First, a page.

Objectives: We assessed the independent contribution of C-reactive protein to the risk of cardiovascular disease in Aboriginal Australians.
Methods: High sensitivity CRP levels were measured in 705 Aboriginal participants aged 20–74 years free from CVD at baseline. Participants were followed for a median of 11 years. Cox proportional hazards models were used to assess the association of CRP with the risk of developing CVD events.
Results: A total of 114 participants were diagnosed with CVD. Incidence rates were 5.4 and 21.4 per 1,000 person-years for the lower (<3 mg/l) and the higher (≥3 mg/l) CRP groups, respectively. After adjusting for age, sex, total cholesterol, systolic blood pressure, smoking status, diabetes, BMI and waist circumference, the association between CRP and CVD remained significant, with a hazard ratio of 2.40 (95% CI: 1.25, 4.62) for the higher CRP group relative to the lower CRP group. The population attributable risk was 52% (95% CI: 14%, 74%).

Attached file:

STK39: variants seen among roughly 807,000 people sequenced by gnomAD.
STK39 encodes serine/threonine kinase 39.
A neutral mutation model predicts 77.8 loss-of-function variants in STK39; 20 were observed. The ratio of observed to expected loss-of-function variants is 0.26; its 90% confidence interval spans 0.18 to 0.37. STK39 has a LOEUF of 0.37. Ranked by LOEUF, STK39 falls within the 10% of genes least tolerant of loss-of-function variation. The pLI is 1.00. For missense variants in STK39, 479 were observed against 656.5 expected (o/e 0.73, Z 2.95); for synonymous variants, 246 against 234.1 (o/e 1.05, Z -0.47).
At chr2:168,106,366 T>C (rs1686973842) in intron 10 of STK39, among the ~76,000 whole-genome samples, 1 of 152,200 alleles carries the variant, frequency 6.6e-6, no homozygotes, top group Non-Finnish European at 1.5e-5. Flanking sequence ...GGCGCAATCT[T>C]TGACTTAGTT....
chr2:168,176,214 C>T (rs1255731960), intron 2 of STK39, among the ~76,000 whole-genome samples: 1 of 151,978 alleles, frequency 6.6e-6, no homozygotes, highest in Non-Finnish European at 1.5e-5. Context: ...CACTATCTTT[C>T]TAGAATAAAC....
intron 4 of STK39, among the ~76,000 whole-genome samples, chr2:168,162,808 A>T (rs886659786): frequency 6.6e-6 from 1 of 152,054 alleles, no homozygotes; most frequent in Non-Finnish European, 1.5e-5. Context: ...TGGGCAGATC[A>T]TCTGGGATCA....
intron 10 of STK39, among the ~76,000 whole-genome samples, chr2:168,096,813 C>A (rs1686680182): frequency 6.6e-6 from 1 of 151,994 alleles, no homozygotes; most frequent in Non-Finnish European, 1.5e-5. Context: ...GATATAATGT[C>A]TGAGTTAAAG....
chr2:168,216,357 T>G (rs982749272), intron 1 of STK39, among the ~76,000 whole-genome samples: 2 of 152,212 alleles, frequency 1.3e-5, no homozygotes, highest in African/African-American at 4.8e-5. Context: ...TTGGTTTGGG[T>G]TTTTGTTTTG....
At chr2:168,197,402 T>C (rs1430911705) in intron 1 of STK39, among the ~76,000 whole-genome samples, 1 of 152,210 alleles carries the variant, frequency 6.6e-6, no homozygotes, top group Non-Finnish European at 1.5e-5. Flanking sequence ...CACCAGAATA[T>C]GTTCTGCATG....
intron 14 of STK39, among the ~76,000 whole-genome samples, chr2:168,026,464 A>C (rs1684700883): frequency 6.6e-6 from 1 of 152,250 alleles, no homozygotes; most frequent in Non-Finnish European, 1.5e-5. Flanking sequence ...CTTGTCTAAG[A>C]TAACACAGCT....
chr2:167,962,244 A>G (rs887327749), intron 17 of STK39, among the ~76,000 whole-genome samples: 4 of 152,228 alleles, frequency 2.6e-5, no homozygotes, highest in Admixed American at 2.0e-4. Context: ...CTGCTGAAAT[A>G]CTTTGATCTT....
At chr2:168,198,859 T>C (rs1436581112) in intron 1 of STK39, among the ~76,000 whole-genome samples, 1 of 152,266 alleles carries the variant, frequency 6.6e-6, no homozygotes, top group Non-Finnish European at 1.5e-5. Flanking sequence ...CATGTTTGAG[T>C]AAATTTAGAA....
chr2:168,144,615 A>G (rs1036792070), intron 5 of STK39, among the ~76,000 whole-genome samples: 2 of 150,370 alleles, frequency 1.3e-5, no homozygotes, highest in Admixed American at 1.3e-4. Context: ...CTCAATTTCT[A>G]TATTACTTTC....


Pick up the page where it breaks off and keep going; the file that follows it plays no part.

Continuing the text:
Conclusions: CRP is an independent predictor of CVD in Aboriginal people. A large proportion of CVD cases are associated with elevated CRP levels. Therefore, controlling the conditions that cause inflammation may be beneficial to cardiovascular health in Aboriginal communities.